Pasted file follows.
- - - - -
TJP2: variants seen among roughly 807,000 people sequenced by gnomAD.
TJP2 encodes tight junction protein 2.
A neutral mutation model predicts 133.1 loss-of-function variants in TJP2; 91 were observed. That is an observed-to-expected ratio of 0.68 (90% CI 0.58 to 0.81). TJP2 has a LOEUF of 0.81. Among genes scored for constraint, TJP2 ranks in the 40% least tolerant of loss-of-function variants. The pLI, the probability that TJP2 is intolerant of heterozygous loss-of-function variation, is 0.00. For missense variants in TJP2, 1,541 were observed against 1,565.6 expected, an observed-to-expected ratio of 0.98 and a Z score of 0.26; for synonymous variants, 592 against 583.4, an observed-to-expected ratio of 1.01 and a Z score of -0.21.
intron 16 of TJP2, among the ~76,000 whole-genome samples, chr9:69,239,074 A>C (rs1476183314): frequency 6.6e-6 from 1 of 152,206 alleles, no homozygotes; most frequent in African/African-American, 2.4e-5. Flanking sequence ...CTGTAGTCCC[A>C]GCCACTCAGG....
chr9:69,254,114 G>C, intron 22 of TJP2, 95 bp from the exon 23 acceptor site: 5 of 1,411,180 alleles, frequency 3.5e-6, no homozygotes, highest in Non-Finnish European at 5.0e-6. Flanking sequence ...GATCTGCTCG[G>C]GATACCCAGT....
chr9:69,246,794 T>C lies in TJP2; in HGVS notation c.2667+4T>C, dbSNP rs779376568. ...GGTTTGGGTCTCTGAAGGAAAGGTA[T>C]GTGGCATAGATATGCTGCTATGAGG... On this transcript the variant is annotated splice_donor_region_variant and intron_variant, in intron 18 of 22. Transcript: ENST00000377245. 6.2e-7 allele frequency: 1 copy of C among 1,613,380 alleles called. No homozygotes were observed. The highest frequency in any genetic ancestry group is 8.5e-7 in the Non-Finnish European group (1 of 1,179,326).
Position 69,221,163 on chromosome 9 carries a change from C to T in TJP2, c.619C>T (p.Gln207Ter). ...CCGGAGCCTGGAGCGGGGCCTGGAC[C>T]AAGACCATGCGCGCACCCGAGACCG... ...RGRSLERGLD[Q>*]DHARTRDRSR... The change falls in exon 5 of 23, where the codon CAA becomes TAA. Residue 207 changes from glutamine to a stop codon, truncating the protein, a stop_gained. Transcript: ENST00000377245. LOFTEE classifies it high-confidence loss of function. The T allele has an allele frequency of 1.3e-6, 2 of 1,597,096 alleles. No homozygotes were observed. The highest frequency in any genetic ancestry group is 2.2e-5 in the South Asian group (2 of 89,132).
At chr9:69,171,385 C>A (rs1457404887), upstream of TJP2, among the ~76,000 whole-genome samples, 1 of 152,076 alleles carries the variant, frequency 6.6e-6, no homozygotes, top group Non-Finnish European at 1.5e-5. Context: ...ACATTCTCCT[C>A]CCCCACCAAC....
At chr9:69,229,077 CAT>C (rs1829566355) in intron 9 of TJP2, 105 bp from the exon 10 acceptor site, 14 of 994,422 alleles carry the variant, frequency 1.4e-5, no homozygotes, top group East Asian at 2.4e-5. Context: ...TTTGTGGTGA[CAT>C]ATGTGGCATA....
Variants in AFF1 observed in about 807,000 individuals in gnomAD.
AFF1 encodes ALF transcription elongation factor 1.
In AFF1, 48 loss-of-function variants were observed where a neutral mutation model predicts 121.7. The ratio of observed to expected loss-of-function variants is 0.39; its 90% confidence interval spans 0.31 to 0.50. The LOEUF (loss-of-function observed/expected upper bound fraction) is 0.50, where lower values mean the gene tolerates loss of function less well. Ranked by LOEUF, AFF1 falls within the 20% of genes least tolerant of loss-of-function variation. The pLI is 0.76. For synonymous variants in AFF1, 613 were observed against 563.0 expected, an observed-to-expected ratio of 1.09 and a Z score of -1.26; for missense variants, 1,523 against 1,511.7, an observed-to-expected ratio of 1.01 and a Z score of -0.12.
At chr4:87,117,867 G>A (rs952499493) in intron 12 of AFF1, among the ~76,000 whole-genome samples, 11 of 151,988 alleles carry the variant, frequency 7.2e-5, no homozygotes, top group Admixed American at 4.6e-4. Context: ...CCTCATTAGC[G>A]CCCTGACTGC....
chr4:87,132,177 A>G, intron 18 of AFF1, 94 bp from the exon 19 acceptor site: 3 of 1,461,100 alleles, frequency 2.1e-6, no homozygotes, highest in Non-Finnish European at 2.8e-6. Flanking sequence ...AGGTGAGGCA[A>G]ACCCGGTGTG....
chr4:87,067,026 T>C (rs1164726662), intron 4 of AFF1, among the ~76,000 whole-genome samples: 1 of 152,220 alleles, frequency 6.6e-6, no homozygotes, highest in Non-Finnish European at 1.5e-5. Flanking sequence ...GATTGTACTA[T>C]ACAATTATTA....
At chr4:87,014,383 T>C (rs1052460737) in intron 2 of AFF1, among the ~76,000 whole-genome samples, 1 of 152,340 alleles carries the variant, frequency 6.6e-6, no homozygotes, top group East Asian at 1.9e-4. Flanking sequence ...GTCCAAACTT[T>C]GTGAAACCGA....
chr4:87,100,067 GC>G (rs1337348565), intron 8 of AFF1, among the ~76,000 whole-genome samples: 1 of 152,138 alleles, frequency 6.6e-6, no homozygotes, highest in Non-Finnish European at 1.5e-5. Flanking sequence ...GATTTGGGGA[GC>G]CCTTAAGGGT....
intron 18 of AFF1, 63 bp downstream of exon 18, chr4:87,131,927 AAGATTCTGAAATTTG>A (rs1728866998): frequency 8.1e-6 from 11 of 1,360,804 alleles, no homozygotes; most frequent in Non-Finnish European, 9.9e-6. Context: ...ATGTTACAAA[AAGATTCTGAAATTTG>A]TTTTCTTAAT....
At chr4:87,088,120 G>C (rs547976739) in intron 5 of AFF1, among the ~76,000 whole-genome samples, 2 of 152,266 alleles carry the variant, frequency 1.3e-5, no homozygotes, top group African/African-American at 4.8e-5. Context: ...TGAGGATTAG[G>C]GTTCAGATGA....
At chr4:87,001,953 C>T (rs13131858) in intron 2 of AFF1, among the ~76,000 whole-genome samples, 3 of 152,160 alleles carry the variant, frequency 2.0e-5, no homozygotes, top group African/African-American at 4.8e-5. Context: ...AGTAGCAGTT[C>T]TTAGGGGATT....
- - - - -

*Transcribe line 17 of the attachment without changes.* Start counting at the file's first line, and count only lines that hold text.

chr4:87,100,067 GC>G (rs1337348565), intron 8 of AFF1, among the ~76,000 whole-genome samples: 1 of 152,138 alleles, frequency 6.6e-6, no homozygotes, highest in Non-Finnish European at 1.5e-5. Flanking sequence ...GATTTGGGGA[GC>G]CCTTAAGGGT....